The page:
A boater on a river in northeastern Pennsylvania—where Chesapeake Energy Corp. is producing natural gas—recently noticed an unmarked intake pump.
Water is used in drilling gas—OK, fine—but a pump without a buoy is a hazard that a boat or other watercraft could hit. So the irate boater jumped on the company’s Facebook page and posted an all-caps message demanding that somebody fix the problem.
Blake Jackson, social media coordinator for the Oklahoma City-based gas and oil producer, noticed it and connected the boater with a company official in Pennsylvania. Within two days, a buoy was in place.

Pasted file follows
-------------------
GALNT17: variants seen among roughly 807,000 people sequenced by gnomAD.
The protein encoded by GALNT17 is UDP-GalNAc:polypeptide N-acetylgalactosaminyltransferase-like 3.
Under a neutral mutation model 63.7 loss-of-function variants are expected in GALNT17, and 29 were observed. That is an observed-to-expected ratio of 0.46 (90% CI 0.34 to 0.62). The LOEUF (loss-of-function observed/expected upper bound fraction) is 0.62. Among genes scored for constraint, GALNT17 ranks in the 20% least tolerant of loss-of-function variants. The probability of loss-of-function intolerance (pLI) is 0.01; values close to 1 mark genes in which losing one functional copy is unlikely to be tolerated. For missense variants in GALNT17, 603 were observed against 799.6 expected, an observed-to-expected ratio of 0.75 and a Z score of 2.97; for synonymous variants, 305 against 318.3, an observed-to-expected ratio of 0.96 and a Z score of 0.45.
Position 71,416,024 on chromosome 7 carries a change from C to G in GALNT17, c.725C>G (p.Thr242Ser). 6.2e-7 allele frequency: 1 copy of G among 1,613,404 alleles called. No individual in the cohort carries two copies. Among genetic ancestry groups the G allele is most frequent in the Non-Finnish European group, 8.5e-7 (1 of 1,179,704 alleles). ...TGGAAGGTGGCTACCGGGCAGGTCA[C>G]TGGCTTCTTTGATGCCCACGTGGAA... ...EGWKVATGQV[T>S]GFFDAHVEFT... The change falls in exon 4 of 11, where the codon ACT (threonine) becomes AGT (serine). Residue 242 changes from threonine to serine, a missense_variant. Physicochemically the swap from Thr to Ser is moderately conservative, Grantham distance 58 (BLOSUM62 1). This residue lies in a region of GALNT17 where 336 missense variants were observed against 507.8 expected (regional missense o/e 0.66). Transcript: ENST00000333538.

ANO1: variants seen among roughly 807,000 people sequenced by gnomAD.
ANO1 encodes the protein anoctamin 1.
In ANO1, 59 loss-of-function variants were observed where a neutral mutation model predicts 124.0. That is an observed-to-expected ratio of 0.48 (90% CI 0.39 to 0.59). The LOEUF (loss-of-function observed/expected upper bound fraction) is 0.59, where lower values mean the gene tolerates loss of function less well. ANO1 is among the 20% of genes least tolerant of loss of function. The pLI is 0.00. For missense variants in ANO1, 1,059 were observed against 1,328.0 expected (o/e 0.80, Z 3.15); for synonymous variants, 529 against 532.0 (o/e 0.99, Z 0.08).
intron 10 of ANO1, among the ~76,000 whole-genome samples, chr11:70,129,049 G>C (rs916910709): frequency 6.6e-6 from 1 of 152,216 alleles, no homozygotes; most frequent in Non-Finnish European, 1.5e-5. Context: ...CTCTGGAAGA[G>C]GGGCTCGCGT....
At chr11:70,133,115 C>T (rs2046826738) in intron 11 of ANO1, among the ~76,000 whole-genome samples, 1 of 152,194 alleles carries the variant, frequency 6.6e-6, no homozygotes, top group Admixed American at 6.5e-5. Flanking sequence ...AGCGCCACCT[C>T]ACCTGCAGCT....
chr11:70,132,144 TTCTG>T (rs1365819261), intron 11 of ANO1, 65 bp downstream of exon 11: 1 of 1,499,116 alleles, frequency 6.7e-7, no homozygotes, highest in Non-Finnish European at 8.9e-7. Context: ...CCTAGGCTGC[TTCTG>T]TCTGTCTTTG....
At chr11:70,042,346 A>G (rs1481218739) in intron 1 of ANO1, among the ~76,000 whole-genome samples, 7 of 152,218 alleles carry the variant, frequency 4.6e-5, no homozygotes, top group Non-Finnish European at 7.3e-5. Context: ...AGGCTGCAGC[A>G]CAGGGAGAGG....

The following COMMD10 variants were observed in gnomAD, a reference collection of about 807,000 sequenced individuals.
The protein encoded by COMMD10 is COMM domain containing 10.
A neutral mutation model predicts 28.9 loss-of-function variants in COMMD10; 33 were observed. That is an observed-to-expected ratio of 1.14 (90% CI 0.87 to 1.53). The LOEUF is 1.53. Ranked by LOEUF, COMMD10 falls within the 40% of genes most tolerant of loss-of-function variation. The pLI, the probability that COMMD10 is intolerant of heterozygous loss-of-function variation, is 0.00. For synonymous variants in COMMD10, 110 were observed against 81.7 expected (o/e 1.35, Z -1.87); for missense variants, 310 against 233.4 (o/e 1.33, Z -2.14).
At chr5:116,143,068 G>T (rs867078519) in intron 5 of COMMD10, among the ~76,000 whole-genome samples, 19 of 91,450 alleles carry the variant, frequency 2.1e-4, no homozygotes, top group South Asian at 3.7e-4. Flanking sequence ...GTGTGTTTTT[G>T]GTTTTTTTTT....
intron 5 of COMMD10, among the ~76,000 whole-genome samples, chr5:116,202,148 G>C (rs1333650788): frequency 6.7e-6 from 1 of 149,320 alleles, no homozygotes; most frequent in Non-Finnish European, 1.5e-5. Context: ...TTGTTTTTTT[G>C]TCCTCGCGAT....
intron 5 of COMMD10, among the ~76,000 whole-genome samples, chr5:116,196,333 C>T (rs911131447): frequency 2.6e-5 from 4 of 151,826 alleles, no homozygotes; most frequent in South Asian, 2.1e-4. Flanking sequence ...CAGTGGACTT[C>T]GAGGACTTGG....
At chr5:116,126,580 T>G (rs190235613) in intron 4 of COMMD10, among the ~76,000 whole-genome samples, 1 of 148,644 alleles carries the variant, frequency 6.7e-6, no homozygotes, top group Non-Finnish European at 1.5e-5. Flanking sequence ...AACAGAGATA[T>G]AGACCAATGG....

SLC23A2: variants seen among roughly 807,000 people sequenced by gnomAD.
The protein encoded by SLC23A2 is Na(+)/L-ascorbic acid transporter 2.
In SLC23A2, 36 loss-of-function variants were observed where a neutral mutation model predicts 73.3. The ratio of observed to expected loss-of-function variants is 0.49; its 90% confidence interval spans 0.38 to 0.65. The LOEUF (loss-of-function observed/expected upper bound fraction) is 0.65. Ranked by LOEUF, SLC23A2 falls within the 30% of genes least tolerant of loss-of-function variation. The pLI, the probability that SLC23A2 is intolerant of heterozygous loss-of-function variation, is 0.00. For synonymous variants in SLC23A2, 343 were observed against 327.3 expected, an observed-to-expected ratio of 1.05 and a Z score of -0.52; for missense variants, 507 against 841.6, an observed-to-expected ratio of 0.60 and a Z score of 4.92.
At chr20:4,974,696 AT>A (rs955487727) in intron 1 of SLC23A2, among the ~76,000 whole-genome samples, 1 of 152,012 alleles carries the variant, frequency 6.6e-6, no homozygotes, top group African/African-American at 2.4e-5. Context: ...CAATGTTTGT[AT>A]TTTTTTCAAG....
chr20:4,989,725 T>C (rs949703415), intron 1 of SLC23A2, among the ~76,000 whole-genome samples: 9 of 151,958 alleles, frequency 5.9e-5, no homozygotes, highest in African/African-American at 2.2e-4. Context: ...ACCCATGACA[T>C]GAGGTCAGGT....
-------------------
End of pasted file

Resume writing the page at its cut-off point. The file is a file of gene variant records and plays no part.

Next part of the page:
The company not only had help in identifying a hazard and potential liability, it won over a critic in what Jackson likes to call “an opportunity for conversion.” The boater even posted a thank-you.
Chesapeake is seeking to change the way communications is done in an industry that has a reputation for being unresponsive and placing profits above the little guy, he says. Employing a strategy that is all the more important in the wake of the BP disaster in the Gulf of Mexico, the goal is to engage individuals rather than try to drown them out with a behemoth corporate voice.